At the groundbreaking, where over 100 veterans and their family members gathered, Scott C. Stump, NDSWM’s CEO, emphasized the long journey that the group has taken to make the memorial a reality.

“The road getting here has been fraught with obstacles, impediments and the need for our team to constantly improvise, adapt and overcome,” he said. 

The official groundbreaking for the National Desert Storm Memorial on the National Mall in Washington, D.C., on Thursday, July 14, 2022.

The official groundbreaking for the National Desert Storm Memorial on the National Mall in Washington, D.C., on Thursday, July 14, 2022. (Samuel Weinstein/Stars and Stripes)

The effort to build a memorial in honor of Desert Storm has been ongoing since 2013, when former Rep. Phil Roe, D-Tenn., introduced legislation in Congress to allow construction on federal land in Washington, D.C. 

President Barack Obama authorized construction of the memorial in 2014, and President Donald Trump signed legislation in 2017 allowing for the memorial to be built near the National Mall.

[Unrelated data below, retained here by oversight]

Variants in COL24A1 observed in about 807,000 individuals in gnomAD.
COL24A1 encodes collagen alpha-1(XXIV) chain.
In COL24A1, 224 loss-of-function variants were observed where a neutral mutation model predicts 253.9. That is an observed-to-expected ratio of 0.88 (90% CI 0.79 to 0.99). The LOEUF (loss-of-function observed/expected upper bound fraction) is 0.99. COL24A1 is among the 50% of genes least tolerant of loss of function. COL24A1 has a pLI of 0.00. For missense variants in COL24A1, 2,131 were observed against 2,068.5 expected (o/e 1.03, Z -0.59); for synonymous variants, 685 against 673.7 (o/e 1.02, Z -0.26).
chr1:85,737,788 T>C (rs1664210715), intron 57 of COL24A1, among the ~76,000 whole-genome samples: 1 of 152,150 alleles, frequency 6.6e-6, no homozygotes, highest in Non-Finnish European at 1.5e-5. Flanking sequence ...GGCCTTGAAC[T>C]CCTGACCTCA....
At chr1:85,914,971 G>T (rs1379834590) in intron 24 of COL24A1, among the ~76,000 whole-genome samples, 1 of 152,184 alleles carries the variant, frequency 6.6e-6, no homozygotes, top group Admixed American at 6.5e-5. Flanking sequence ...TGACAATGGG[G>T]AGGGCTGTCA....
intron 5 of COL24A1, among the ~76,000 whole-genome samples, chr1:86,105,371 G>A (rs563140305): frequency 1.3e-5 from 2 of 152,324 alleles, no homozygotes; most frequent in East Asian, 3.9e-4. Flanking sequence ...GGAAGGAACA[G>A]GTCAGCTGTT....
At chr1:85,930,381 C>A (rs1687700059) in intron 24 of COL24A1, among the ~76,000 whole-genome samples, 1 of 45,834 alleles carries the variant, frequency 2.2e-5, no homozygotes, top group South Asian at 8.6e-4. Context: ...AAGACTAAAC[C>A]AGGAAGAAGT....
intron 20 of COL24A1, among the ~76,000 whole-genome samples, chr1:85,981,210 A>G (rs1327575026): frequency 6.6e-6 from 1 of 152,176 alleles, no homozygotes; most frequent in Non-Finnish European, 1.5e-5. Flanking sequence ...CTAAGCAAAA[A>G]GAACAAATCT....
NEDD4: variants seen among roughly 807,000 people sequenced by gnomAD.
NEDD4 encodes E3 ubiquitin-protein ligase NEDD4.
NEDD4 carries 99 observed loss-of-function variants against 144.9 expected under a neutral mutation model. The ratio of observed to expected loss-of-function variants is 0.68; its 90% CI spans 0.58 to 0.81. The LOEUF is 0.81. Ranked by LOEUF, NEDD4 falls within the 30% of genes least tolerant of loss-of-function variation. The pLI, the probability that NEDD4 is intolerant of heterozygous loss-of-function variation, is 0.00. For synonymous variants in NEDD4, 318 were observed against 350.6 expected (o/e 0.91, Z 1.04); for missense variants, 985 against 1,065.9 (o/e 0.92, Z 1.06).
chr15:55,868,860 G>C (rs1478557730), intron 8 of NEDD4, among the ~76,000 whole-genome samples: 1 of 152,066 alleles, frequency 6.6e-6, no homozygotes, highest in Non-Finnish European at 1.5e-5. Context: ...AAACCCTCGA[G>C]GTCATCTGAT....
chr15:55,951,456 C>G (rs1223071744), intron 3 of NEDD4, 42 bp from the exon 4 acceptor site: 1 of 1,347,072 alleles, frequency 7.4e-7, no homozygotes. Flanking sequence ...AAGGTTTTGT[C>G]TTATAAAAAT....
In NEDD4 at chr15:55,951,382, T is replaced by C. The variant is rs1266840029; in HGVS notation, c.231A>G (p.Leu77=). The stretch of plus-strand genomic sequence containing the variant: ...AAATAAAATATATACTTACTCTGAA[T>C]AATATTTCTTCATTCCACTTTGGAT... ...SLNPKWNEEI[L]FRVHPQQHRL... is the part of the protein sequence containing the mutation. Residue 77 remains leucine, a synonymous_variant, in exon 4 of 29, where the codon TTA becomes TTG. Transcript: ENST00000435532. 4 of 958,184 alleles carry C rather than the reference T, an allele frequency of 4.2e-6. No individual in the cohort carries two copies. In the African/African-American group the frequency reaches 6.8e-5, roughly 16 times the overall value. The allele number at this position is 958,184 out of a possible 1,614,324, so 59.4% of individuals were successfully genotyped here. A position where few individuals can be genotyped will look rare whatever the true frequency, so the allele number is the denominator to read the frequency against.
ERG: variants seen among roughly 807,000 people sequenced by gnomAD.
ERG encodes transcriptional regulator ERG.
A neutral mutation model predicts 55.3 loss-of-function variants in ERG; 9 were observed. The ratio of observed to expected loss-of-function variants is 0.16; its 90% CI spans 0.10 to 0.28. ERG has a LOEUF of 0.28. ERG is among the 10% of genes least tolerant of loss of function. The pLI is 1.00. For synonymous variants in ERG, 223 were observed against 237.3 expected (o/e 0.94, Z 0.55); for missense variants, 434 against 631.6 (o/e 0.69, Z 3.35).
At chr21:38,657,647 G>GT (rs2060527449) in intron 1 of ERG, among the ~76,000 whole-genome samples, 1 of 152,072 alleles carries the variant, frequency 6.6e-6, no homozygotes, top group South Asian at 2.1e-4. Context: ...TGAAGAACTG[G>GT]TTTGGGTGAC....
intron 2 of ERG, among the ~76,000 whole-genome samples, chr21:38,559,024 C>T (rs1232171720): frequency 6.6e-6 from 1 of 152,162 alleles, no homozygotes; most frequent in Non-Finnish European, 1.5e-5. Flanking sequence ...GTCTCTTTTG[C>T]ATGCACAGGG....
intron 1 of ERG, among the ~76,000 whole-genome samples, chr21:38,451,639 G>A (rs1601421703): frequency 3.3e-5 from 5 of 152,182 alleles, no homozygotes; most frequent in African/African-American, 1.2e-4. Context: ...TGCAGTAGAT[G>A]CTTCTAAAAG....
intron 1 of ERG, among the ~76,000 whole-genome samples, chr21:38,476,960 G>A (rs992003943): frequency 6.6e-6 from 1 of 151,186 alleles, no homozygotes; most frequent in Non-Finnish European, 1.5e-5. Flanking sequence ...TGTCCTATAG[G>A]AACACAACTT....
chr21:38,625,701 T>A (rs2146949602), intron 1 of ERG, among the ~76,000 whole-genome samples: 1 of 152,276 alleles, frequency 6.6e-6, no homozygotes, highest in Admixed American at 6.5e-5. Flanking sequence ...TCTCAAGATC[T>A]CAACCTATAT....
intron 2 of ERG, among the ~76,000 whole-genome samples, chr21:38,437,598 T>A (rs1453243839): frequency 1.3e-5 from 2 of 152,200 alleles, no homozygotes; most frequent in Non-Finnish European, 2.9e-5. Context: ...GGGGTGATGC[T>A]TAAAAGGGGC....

Originally, the memorial was slated to be on the Constitution Avenue Belvedere, a strip of land along the Potomac River. Members of the National Desert Storm War Memorial Association opposed the location because they said it would be too hard to access from other memorials. 

In 2018, after the National Capital Planning Commission decided on the southwest corner of 23rd Street and Constitution Avenue, the Commission of Fine Arts voted in favor of the new location, marking the end of a multiyear process to select the site.

“The supposed 18-month site selection process, which commenced in January 2015, took us 39 months of toil struggle, pain, heartache, ups and downs to finally win approval for this phenomenal location we’re occupying here this morning,” Stump said. 

Derek H. Chollet, Counselor of the U.S. Department of State, speaks at the groundbreaking ceremony for the National Desert Storm Memorial on the National Mall in Washington, D.C., on Thursday, July 14, 2022.

Derek H. Chollet, Counselor of the U.S. Department of State, speaks at the groundbreaking ceremony for the National Desert Storm Memorial on the National Mall in Washington, D.C., on Thursday, July 14, 2022. (Samuel Weinstein/Stars and Stripes)